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Apparently, you can put a price on this kind of publicity.

Turner Broadcasting and Interference Inc., the ad agency responsible for placing 38 electronic promotions-turned-bomb scares around Boston last Wednesday, have agreed to pony up $2 million to make amends for a Lite-Brite-esque Aqua Teen Hunger Force publicity campaign that effectively shut down the city.

Terms of the payout were decided on Monday morning after Beantown Mayor Thomas Menino and Attorney General Martha Coakley met with Turner representatives to hash out an appropriate compensation. Meninio previously estimated that the 'toon-powered panic cost the city more than $800,000.

The cable giant, which owns the Cartoon Network and its Adult Swim division—the group responsible for the bird-flipping 'toon promotion, which went off without a hitch in nine other cities—was described by Menino as being "extremely cooperative."

"I think Turner learned a lesson: that they will not tolerate this type of advertising any further," he said. "I would just say that the folks who second-guessed us because we did go out and do our work, shame on them."

Of the $2 million settlement, $1 million will be divided among city and state enforcement agencies who turned out in force to subdue the Mooninite threat by removing the offending circuit boards from bridges, subway stations and commuter hubs around the city (where they had been placed about two weeks earlier).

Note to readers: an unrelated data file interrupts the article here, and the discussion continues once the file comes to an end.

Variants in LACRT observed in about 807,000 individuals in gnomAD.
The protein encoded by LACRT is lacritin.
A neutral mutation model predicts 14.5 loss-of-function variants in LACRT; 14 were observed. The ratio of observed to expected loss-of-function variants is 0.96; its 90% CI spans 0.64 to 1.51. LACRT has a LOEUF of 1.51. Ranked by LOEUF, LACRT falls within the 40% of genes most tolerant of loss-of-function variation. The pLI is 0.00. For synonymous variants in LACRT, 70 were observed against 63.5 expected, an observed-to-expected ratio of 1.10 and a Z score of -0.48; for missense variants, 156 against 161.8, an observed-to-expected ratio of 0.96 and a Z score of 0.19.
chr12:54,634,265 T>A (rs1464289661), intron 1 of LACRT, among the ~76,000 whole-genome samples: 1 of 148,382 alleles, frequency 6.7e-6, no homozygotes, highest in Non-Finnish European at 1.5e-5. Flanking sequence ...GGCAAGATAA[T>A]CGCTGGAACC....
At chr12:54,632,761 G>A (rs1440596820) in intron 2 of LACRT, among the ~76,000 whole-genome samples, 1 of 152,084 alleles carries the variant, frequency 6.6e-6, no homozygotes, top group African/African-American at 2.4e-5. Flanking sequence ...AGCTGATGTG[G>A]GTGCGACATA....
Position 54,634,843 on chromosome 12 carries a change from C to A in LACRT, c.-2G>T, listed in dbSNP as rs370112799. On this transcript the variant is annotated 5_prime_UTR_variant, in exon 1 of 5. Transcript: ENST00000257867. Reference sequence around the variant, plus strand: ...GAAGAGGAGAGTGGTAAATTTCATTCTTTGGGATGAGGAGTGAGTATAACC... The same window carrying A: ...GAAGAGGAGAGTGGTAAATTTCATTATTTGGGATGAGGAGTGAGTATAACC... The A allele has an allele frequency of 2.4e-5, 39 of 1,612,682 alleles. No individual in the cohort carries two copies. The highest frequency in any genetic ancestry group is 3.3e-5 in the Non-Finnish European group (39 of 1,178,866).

The remaining $1 million has been earmarked by officials for goodwill funding, to "enable our communities to enhance homeland security, or to pursue other important community initiatives," Menino said in a written statement.

In addition to their seven-figure sum, Turner and Interference issued a public apology, stating that, "in today's post-September 11 environment," the city officials were right to respond the way they did.

As for Peter Berdovsky and Sean Stevens, the two hair experts/artists hired by Interference to place the light boards around the city, their fate remains unsettled.

The men have pleaded not guilty to felony charges of "placing a hoax device in a way that results in panic."

While their case was not part of the city's deal, Coakley said negotiations were already in place to try and avoid sending the twentysomethings through a full-blown trial.

Legal experts, and even the presiding judge, have suggested prosecutors would have a difficult time pursuing the most serious charges against the pair because there was no intent to cause a terror scare.

Meanwhile, the Mooninite menace is far from over. Aqua Teen Hunger Force Colon Movie Film for Theaters, the movie at the center of the promotion, is due Mar. 23 in multiplexes nationwide—Boston, included.